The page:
2 dead and 110 new positive cases in Albany County’s October 1 report

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Albany County

Albany County

ALBANY, N.Y. (NEWS10) – Albany County Executive Daniel P. McCoy provided the latest report on the county’s progress on vaccinations and controlling the spread of the Coronavirus. Today’s, October 1 report shows two new deaths of individuals in their 70’s.

As of Thursday, September 30, 71.5% of all Albany County residents have received at least the first dose of the vaccine, and 65.6% have been fully vaccinated. The first dose vaccination rate for the county’s 18+ population is now up to 82.6%. 

County Executive McCoy announced that the total number of confirmed cases of COVID in Albany County is now at 28,937 to date, with 110 new positive cases identified since Thursday, September 30. The county’s five-day average of new daily positive cases is now up to 92. Albany County’s most recent seven-day average of percent positive rates is now down to 3.8% and the Capital Region’s average rate remained at 3.7%.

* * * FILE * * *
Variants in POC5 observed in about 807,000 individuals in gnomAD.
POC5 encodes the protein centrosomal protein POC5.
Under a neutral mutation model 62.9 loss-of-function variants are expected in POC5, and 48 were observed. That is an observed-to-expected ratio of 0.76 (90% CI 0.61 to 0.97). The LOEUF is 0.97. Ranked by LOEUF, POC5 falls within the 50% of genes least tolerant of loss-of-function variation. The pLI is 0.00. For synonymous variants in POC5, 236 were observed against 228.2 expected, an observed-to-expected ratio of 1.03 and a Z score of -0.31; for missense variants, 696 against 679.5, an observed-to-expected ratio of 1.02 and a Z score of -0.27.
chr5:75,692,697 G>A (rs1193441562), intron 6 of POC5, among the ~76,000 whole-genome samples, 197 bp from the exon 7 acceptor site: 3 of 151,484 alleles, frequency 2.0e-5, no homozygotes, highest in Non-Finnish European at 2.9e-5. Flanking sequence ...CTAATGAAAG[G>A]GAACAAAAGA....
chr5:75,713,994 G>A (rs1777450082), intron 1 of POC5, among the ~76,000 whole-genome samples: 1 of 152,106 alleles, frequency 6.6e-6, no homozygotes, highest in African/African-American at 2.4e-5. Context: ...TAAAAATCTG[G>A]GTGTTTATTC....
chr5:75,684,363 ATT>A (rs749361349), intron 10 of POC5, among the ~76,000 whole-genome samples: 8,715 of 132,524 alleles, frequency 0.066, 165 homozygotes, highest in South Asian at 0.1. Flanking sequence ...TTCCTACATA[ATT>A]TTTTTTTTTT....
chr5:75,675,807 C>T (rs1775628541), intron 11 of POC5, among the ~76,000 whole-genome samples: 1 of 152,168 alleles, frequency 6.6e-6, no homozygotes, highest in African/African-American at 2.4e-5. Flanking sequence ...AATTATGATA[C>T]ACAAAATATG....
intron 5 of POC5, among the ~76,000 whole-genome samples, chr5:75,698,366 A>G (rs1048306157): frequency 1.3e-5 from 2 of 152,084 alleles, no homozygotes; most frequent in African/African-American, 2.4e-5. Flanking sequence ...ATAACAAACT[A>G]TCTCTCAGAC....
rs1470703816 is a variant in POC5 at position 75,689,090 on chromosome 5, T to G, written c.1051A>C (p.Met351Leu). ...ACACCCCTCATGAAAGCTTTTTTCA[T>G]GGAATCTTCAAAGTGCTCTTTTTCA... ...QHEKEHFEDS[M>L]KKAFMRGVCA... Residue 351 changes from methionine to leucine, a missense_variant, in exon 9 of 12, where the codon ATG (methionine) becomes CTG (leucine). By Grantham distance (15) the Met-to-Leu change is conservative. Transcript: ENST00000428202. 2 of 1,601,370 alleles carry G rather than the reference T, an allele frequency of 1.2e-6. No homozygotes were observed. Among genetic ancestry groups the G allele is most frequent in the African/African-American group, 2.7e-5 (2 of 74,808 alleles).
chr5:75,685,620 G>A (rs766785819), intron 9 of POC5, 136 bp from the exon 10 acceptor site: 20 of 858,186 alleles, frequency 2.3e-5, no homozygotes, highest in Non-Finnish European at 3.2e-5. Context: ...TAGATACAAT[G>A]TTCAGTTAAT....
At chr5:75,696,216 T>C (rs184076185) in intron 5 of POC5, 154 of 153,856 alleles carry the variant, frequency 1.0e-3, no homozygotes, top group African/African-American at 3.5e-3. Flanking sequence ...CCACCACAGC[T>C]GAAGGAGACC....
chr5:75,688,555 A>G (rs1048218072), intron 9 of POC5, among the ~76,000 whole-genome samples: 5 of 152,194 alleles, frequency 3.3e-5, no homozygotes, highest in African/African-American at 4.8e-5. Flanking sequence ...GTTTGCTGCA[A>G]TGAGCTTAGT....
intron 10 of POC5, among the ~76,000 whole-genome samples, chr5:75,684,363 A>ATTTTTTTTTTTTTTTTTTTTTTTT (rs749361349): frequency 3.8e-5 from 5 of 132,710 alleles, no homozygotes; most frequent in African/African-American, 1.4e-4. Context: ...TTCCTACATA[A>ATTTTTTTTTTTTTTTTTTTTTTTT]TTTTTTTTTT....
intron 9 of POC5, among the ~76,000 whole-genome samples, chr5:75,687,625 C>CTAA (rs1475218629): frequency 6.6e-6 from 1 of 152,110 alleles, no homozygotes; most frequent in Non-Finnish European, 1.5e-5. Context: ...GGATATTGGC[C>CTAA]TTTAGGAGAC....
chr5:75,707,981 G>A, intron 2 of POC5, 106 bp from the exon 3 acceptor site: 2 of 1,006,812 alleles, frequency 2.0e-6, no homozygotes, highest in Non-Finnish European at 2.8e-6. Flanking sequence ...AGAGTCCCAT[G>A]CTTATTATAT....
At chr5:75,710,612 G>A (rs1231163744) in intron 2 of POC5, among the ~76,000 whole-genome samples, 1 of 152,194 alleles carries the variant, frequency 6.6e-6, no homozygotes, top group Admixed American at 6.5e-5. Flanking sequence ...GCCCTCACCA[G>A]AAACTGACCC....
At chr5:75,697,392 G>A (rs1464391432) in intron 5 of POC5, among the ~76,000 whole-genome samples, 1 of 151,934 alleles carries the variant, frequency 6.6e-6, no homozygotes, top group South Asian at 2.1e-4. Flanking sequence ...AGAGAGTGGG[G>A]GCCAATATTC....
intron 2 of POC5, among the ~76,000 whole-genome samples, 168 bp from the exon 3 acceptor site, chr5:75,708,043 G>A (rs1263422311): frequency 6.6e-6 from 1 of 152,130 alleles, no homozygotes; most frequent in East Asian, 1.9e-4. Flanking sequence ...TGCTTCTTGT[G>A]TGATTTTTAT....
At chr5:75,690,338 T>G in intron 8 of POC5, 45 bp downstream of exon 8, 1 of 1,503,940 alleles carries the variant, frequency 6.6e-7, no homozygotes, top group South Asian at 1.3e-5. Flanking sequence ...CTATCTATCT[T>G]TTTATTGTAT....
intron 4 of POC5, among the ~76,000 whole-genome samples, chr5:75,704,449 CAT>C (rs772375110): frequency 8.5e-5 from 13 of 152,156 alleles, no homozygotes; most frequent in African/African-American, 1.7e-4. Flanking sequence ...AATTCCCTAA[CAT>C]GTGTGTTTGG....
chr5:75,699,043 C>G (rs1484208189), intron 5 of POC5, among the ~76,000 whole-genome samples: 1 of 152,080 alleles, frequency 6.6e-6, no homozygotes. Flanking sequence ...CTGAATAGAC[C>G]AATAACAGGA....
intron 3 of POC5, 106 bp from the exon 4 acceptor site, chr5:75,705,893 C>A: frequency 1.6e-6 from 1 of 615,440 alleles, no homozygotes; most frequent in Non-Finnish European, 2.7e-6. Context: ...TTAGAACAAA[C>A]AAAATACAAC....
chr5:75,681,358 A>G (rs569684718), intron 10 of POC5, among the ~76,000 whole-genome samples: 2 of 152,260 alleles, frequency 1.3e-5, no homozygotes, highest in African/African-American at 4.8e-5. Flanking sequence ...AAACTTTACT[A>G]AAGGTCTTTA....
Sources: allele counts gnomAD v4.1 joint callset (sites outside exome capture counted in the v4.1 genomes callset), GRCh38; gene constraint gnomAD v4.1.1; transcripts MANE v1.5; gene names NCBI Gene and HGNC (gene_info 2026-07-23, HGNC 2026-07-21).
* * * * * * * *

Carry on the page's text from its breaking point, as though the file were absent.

Among the new daily cases of COVID identified in the county, 23 had close contacts to positive cases, 81 did not have clear sources of infection at this time, one reported traveling out of state, and five are healthcare workers or residents of congregate living settings.

There are now 565 active cases in the county, up from 552 yesterday. The number of people under mandatory quarantine increased to 934 from 910. So far 90,442 people have completed quarantine to date. Of those who completed quarantine, 28,372 of them had tested positive and recovered – an increase of 94 additional recoveries.

The County Executive reported that there were five new hospitalizations since yesterday, and there are now a total of 38 county residents currently hospitalized with COVID – a net increase of one from the last update. There are now 13 patients in ICU’s, up from 11.

Sadly, there are two new COVID deaths to report – two individuals in their 70’s. The death toll for Albany County now stands at 406 since the outbreak began.

“It breaks my heart to have to report two more county residents who have lost their battle with COVID, and my thoughts and prayers are with both of the families. On top of that, hospitalizations continue to trend upwards and we now have the most county residents in ICU’s with the virus since February 14. This is especially concerning given the strain currently on hospital systems due to the shortage of healthcare workers,” said County Executive McCoy.

“We need to do more to prevent new infections and hospitalizations to ease the burden on our hospitals to the extent possible. That means getting more people vaccinated, getting boosters out and into arms, wearing masks indoors and at large gatherings, and coughing and sneezing into our elbows,” he continued.

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